“Act Your Age”
That’s the line, right? “Act your age!”
For me, that is an act. I know that’s not the point of the phrase, for sure, but honestly, it’s how I’ve always been, I guess. I don’t “act” a certain age.
Funny thing is, that act changes from point to point during my day, too.
How am I supposed to “act” anyway? What does a 45-year-old “act” like? At 45 Eric Clapton had already recorded the smash hit Journeyman and was working on From the Cradle in the studio. Peter Capaldi, British actor, star of The Thick of It and currently the Doctor on the TV show Doctor Who is 57. He spends his days running around from alien monsters and plays electric guitar in a space/time ship called a TARDIS. Is that acting his age? He’s certainly acting his pants off.
My life certainly changed and I certainly grew up a lot in 2011. Most of that was by necessity. I certainly felt more like a father and grown up than I ever had before when I became a single dad. Bear in mind, that could also be the exhaustion talking.
If “acting my age” meant that I had to take care of adult things, I was certainly “acting” like I knew how to do that for a long time. I didn’t really feel like I had a grasp of it until the last 5 years or so, though. Yet if others’ opinion of my age is that I age gracefully, slow down, sit in a chair, talk about how much better the world was with no cell phones and 3 networks on TV (plus PBS) and work behind a desk and never get out and never do anything out of the ordinary I would go mad.
So let me just say this – the adult stuff is the act. I do it a lot. At work I am responsible. I do math – which for a journalist . . . that’ s a big thing folks. I went into TV thinking I’d get out of doing math. How wrong THAT was! I pay the bills, and most days I don’t work for my bosses I work for Visa, the property management company who takes my rent, AT&T, PG&E, my daughter’s college, the trash collectors and the water company. What’s left we eat with, which is just fine. Growing up meant coming to terms with the fact that when you’re out of money, you’re out. We seem to have that happen often, but we still manage to keep just a little to tide us over. That’s quite the act.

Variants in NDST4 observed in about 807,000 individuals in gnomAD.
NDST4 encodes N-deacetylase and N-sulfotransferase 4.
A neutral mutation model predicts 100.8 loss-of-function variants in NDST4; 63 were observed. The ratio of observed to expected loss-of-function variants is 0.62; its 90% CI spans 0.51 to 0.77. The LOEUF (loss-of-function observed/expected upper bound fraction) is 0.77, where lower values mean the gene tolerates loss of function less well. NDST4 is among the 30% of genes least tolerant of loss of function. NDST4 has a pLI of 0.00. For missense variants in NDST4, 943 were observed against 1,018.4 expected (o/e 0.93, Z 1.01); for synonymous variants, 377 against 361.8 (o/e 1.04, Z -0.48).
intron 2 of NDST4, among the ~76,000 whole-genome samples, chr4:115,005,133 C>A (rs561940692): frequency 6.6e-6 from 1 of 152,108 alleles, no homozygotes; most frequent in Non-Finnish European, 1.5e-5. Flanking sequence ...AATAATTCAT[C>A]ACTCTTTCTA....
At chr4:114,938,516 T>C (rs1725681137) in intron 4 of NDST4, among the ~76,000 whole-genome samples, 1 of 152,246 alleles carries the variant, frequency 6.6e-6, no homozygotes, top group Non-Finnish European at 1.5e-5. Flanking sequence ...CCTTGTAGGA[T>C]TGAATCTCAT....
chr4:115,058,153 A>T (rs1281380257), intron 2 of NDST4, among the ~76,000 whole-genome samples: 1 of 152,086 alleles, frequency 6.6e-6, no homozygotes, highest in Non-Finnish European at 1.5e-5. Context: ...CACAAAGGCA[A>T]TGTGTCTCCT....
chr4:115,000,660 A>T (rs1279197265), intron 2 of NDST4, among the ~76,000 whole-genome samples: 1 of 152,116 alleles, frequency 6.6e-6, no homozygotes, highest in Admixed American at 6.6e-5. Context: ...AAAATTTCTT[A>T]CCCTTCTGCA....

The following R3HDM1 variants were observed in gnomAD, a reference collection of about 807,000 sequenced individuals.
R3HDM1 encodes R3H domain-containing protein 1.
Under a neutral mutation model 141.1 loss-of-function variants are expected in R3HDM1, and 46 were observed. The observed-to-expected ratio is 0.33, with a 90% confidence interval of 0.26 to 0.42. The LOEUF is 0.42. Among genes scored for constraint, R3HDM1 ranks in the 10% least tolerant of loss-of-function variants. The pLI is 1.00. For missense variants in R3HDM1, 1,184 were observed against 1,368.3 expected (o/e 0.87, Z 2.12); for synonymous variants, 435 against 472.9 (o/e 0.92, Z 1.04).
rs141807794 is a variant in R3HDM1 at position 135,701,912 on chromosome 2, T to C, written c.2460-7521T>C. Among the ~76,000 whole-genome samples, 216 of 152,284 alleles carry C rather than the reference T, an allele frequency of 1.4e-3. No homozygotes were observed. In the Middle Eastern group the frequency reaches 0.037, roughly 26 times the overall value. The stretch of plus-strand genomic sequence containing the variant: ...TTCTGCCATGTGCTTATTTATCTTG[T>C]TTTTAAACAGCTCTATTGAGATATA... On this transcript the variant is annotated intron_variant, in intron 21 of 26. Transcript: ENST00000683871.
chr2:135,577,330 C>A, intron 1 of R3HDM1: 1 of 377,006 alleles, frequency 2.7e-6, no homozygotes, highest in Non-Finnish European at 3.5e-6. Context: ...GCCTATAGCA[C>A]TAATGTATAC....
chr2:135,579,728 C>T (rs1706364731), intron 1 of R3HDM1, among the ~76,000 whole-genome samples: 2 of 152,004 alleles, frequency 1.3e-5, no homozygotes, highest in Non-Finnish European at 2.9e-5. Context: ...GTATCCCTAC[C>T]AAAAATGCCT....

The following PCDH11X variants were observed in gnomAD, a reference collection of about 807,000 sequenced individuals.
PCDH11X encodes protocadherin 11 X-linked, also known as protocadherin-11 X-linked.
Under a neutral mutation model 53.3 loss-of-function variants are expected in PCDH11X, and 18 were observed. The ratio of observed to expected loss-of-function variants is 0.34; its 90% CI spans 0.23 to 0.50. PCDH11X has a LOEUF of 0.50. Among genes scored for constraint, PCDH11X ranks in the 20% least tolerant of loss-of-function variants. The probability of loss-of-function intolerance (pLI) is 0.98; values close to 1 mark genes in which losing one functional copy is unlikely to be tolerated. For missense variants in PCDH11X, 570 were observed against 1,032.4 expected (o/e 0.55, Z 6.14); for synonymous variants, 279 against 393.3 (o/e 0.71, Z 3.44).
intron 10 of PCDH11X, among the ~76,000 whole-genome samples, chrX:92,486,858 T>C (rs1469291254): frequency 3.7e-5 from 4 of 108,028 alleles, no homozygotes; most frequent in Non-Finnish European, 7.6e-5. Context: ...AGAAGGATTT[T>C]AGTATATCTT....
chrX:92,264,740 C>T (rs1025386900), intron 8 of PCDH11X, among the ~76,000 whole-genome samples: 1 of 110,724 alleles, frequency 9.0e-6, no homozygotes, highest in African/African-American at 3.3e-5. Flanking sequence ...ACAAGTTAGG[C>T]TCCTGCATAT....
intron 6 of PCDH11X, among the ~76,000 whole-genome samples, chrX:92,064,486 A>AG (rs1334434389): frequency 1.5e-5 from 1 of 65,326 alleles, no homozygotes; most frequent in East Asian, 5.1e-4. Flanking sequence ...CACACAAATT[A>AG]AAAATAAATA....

When a kid is sick I act like I know what I’m doing. Habit, memory and my own upbringing as a fairly sick kid make taking care of a sick kid more muscle memory than responsibility. I love them and they know it, though, so I never “act” irresponsibly with them. The act here is acting like I’m calm and collected when I’m really worried sick myself.
I act like I tolerate the laundry, dirty toilets, folding clothes, dusting lampshades and vacuuming floors.
But I don’t “act” like anyone’s idea of a 45-year-old. I play guitar whenever possible. I’m in a band. I’m going into the studio this spring and – no – I don’t have a recording contract. (Very irresponsible, how could I DO that?!)
Just this morning my kids and I joined into singing some old Sesame Street cartoon song about an alligator king. (Said the alligator king to his seven sons, I’m a-feelin’ mighty down . . . ) When I cook I sing. I use a turntable instead of a CD player because it’s fun. I tickle my children, still kiss my sons good night and watch sci-fi shows and the Muppets on TV.
One day, in the grocery store, James Brown came on the overhead speaker and I moved the grocery cart out of the way and began dancing very badly in the aisles. My son joined in.
It’s not the “you’re only as old as you feel” thing because I have problems with my back, I gained weight, trying to lose more weight, have high cholesterol and have grey hair. I don’t feel young bodily at all. I feel the years I wear, for sure.
But I don’t act like it. In my head I’m the same goofy guy, the one who watched his daughter turn 21 and think . . . I just had my 21st birthday not long ago didn’t I? Apparently not.
But don’t tell me that. I’m acting like I don’t know.